It has now been three weeks since I packed up my clothes&books, sublet my precious attic room in an 8 person Brooklyn collective, and moved to a 2 acre organic farm on Block Island, Rhode Island with my boyfriend, John.
I haven’t heard a car alarm in three weeks. Come to think of it, I haven’t heard a car horn either– except that one accidental honk in a parking lot as a result of John pushing the lock button twice. It startled the little old lady who owns the island “health store” as she was carrying a stack of puzzles from the basement up to the puzzle section.
Replacing the sounds of the city, and doing a mighty fine job of it, are the birds.
Birds and birds and birds.
From the meow-like call of the gray catbird to the beautifully mesmerizing coo of the mourning dove, it’s a never-ending symphony that Brooklyn moms only wish their bird sound noise machines came anywhere close to mimicking. If you walk past a wetland area at night you’ll hear the peeper tree frogs belting out their impressively loud cricket-like chorus. And if you listen carefully, or actually if you have any ears at all, you’ll hear the confident doodledoo of the cocky rooster about 300 times a day at random intervals.
We work 40 hours a week, with Sundays and Mondays off, and live in an adorable little cabin with no running water and an electric burner, toaster oven and mini fridge. We have full access to their spare bathroom, which is about 50 yards away, and use the sink in the basement to wash dishes and whatnot.
The farmer’s market and CSA starts the second week of June, and until then we have a lot of pre-season work to do. In these past three weeks we have completely transformed the hoop house from a dry, empty, box of weeds to a lush, tomato/pepper/eggplant/lettuce-inhabiting box of life. We’ve also fertilized and added compost to almost 2 acres worth of land, and my back is remarkably stronger as a result. We’ve seeded directly into the soil beets, radishes, carrots, arugula, millet (to use as a cut flower, not a grain), and turnips, and we’ve transplanted into the ground seedlings that were started in the greenhouse- lettuce, fennel, snap peas, raspberries, strawberries, eggplant, peppers, and a long list of others to get in the ground as soon as possible.
Flowers are a big selling point here, and some of the many many varieties grown on the farm are dahlias, daffodils, lilies, sweet peas, tulips, and lily of the valley, which only blooms about two weeks of the year.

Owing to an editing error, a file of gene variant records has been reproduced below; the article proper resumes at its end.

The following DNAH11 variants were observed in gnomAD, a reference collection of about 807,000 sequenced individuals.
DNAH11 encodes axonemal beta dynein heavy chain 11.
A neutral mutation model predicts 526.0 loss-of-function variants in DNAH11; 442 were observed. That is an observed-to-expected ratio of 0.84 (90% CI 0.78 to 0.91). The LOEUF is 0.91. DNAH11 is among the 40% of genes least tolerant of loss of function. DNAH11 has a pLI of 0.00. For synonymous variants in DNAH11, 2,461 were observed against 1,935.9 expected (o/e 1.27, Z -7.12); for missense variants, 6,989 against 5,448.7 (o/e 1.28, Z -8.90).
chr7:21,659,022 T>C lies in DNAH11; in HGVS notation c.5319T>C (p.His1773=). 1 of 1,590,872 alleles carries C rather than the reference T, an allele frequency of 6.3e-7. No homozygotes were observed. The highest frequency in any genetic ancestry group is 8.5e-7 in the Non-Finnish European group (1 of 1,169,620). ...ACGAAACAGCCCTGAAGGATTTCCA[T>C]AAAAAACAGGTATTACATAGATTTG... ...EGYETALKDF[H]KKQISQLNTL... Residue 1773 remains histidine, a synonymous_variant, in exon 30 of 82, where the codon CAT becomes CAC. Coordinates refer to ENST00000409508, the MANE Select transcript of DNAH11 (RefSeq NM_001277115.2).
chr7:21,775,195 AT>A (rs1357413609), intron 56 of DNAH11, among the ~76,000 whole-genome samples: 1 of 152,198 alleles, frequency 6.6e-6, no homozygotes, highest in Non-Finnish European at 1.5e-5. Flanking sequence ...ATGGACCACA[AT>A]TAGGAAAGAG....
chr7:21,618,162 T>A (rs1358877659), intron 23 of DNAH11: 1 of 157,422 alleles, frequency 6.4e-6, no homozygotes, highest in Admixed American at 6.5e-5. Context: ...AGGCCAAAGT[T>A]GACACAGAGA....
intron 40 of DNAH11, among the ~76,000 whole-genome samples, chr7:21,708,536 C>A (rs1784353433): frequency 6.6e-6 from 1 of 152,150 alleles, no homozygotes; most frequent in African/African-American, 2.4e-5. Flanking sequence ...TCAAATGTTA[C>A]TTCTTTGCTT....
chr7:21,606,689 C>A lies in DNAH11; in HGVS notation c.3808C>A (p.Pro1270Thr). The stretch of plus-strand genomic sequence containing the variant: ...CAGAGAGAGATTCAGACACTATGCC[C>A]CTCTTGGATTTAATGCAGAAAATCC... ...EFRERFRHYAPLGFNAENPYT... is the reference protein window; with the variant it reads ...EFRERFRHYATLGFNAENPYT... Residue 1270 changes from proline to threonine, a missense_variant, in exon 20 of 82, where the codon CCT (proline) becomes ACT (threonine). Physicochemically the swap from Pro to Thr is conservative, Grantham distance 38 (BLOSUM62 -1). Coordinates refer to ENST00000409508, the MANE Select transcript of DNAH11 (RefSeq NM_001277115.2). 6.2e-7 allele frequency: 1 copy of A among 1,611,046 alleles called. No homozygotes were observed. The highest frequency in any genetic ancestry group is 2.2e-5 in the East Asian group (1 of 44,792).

They smell incredible. Incredible enough to inspire a bike adventure to a house on the island with a big patch that we sought out to admire. I totally understand why Princess Kate’s bouquet was comprised mostly of these beauties.
The variety of crops grown here is impressively diverse for such a small farm, and Suzanne, the woman who runs the show, really does a great job of utilizing of every morsel of space to the fullest.
Looking out at the field, it may seem like vast brown emptiness is the majority of what you see, but just beneath and just above the soil is an abundance of life, just waiting for a few warm and sunny days to flourish.
As we wait patiently for the fruits of our labor, the luxury of eating off the land, we make do with what we have, and spice it up with a little creativity and a lot of love for food. We’re living mostly on grains and beans we stocked up on in NYC before we left, with help from an amazingly generous care package from John’s mom, Amy (thanks again!). We supplement the overpriced and no-where-near-the-quality-of-the-brooklyn-food-coop produce from the two small grocery stores with the findings of our foraging excursions. Example: dandelion greens salad, dandelion flower pancakes.
This past week we got the first taste of farm produce with a bit of pea greens (delicious) that were harvested for the fanciest restaurant on the island, and some green garlic that came out mostly unintentionally as we were weeding the overwintered madness of the perennial area.
This coming week we’ll be transplanting, transplanting, weeding. These little cuties are getting too big for their cells.And to end this quite long post, I leave you with this. The hungry hungry fluff ball giant caterpillar chomping on a blade of grass–you could actually hear the chomping if you listened closely.